Okla. Districts Balk at Special Education Vouchers
Four Systems in Tulsa Area Cite Cost, State Constitution Among Concern Over Law
Four Oklahoma school districts have voted not to comply with a new state law that would let students with disabilities use public money to go to private schools.
School boards for the 4,400-student Bixby and 14,900-student Union school districts, both in the Tulsa, Okla., area, voted Oct. 11 not to provide scholarships to parents who apply for them under the Lindsey Nicole Henry Scholarships for Students with Disabilities Act, which became effective in August. The Broken Arrow and Jenks school boards, also in the Tulsa area, had already voted on Oct. 4 not to comply with the law.
When Democratic Gov. Brad Henry signed the scholarship measure into law last June, Oklahoma joined Florida, Georgia, Ohio, and Utah in creating a voucher program to help pay for private school for children with disabilities, according to Jeanne Allen, the president of the Washington-based Center for Education Reform, which is a strong advocate of school choice.
The Louisiana legislature also passed a law to create a voucher program for students with disabilities just weeks after Oklahoma did.
Also, Arizona once had such a voucher program, but it was struck down by the Arizona supreme court last year because of issues regarding the separation of church and state. But the Arizona legislature created a tax-credit program that served the same students but changed how the scholarships were distributed.
The Broken Arrow School District has put a hold on providing any scholarship funds because the new law contradicts Oklahoma’s constitution, said Jarod Mendenhall, the superintendent for the 16,700-student school district. According to the state constitution, public funds can’t go to private religious schools, he said.
All but one of the 22 schools approved to receive the scholarship money so far by the Oklahoma state board of education have names that suggest a religious affiliation.
The parents of nine students have applied to use the scholarships in his school district.
But Jason Nelson, the state representative who authored the law, criticized the defiant school districts for “violating the law.” He said, “I think what is happening is that we’ve got schools that have an ideological opposition to what the legislation is. They don’t like vouchers.”
Mr. Nelson said before the voucher law was passed, many school districts already opted to place some students with disabilities at private schools that could serve them, including religious schools.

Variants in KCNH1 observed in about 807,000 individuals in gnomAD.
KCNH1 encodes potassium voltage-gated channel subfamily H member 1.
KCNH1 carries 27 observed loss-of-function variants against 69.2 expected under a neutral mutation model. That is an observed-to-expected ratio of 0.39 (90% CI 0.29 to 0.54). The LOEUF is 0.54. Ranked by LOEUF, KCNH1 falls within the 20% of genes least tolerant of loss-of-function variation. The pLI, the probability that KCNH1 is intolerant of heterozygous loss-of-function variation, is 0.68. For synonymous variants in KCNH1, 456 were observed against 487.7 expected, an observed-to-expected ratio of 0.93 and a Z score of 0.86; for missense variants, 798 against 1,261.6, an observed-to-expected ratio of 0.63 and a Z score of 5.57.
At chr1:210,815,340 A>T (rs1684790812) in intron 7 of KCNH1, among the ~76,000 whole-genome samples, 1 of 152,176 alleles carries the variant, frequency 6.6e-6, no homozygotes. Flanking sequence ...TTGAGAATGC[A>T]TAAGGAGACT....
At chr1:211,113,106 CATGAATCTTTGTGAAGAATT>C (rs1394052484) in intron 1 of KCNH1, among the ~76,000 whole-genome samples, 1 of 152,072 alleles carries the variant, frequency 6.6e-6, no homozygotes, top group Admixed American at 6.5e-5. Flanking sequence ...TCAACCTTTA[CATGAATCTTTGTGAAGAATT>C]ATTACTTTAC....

He said the school districts waited until after the school year began to decide not to comply with the law, thus leaving parents who expected to receive scholarships and had already enrolled their children in private schools in a bad position.
“They are trying to settle a political score on the backs of these parents,” he said.
Lisa Muller, the assistant superintendent for curriculum and school improvement for the Jenks school district, said that in addition to concerns about the mismatch between the state constitution and the new law, Jenks officials are concerned that private schools are not obliged by federal law, as public school districts are, to honor the individualized education program, or IEP, of a student with a disability.
“Our concern is that many parents may not understand the protections they are giving up by requesting these scholarships,” she said.
Parents of seven of the 10,300 students in the Jenks school district have applied to use the scholarship, she said.
Also, Ms. Muller said, school district officials are concerned that the law says that once students qualify for the scholarship, they can receive scholarship money until they graduate from high school. A private school could feasibly receive public funds for years for a student to whom it isn’t even giving any special services, she said.
But Mr. Nelson said the new scholarship law provides flexibility to parents who feel a school district isn’t doing its job in serving students with disabilities.
He also noted that school districts get to keep up to 5 percent of the scholarship funds to cover administrative costs and also continue to receive public funds for the students getting the scholarship money for two years after they have left the public school district.
The scholarship law doesn’t set a dollar amount that would be provided for each student. The amount is the same as the tuition of the school the student attends or the amount of per-pupil state aid that the school district receives where the student is enrolled, whichever is less.
Ms. Muller said a school district neighboring hers conducted research on the possible cost and found a scholarship could cost from $4,000 to $11,000 per student per year.
Vol. 30, Issue 08, Page 16